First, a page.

Friday 24 November 2017

Timid touches of the tiller in Hammond's budget.

The most eye-catching announcement in the Conservative budget - the standard "rabbit out of the hat" designed to catch the headlines - is the exemption from stamp duty for first-time buyers of houses up to the value of £300 000.  Happily this is by no means as generous as it looks, as house purchases up to the value of £125 000 are already exempt.

 Given that the average value of the first time buy is £165 000 this means that the lucky purchaser will save a princely 2% of £40 000, or £800: better than a poke in the eye with a burnt stick, as the Australians say, but hardly the kick in the backside  needed to to stimulate our dysfunctional housing supply

Buyers in London, where house prices are higher, will gain the benefit of the exemption up to £300 000 for purchases up to half a million, which can amount to £5 000 for those with monster salaries or a generous and helpful "bank of mum and dad."

So, be it £800 or £5 000, this either a nice little extra or a generous bung for the "haves" in society: a typical feature  of a Tory budget. 

Similarly the rises in the thresholds for the payment of income tax  benefit the "haves"  already paying the standard rate (an extra £70 a year, 20% of the tax exempt increase of £350) and ££340 a year for those on the £40%rate.  By contrast those receiving Universal Credit  gain a net ££25.90 a year, or about 50p a week.  More Tory "unto him that hath shall be given"

More promising is the tacit abandonment of the desperate attempt to put the economy to rights by the fancifully named "expansionary fiscal contraction "  - analogous in medical terms  to bleeding the patient until he or she either expires  or gives a desperate jerk back to life.  This budget is mildly, very mildly, Keynesian, with extra government borrowing of £2.7bn next year  for infrastructure development (some of it in the North!), and ££9.2bn (wow!) for  for 2019-20.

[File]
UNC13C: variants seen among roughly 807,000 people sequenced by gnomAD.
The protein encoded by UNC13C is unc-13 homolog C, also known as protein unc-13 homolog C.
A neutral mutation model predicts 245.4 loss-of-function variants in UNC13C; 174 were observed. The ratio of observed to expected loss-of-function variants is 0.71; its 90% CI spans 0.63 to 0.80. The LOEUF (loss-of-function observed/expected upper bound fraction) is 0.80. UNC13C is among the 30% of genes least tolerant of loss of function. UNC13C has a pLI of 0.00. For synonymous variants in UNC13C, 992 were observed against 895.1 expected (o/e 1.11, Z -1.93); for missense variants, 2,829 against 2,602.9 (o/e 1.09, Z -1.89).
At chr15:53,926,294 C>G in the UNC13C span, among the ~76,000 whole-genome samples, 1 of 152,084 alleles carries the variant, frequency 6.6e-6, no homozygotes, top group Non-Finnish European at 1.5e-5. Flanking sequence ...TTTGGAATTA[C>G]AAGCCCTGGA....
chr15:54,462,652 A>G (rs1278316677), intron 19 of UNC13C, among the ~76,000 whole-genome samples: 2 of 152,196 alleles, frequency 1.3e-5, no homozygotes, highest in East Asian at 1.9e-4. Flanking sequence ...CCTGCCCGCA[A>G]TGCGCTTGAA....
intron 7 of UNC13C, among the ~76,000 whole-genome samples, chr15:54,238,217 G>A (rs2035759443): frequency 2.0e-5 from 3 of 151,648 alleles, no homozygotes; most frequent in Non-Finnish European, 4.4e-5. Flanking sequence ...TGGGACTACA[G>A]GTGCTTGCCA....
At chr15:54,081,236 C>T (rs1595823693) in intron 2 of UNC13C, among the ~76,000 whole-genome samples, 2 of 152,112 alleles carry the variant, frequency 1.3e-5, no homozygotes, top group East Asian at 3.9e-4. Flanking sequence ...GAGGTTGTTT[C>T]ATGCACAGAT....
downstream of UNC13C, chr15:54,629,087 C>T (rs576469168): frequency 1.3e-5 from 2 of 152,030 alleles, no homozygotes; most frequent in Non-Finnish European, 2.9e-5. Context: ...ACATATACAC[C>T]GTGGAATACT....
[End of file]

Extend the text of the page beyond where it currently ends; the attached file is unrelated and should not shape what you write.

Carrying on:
How much past and future misery could have been avoided if this light had flashed into the blinkered neoliberal eyes from 2010 onwards.

Because the truth of the budget is in the forecasts: that the miracle promised from 2010 onwards has failed, , and all those boasts about the "long term economic plan" are empty air.

The economy has stalled and with no substantial change of direction (and government?) we shall be limping along for another decade or so before we get back to where we were before the 2007/8 crash., Until then the poorest and weakest in our society must continue to bear the burden, with those on Job Seekers' Allowance, poor things, continuing to tote their CVs,  on an unimproved  £73 30 a week ( £57.90 if under 25) and new  recipients of Universal Credit mildly comforted by having to live without incomes for only five waiting weeks rather than six..

Figures quoted in this post can be found here

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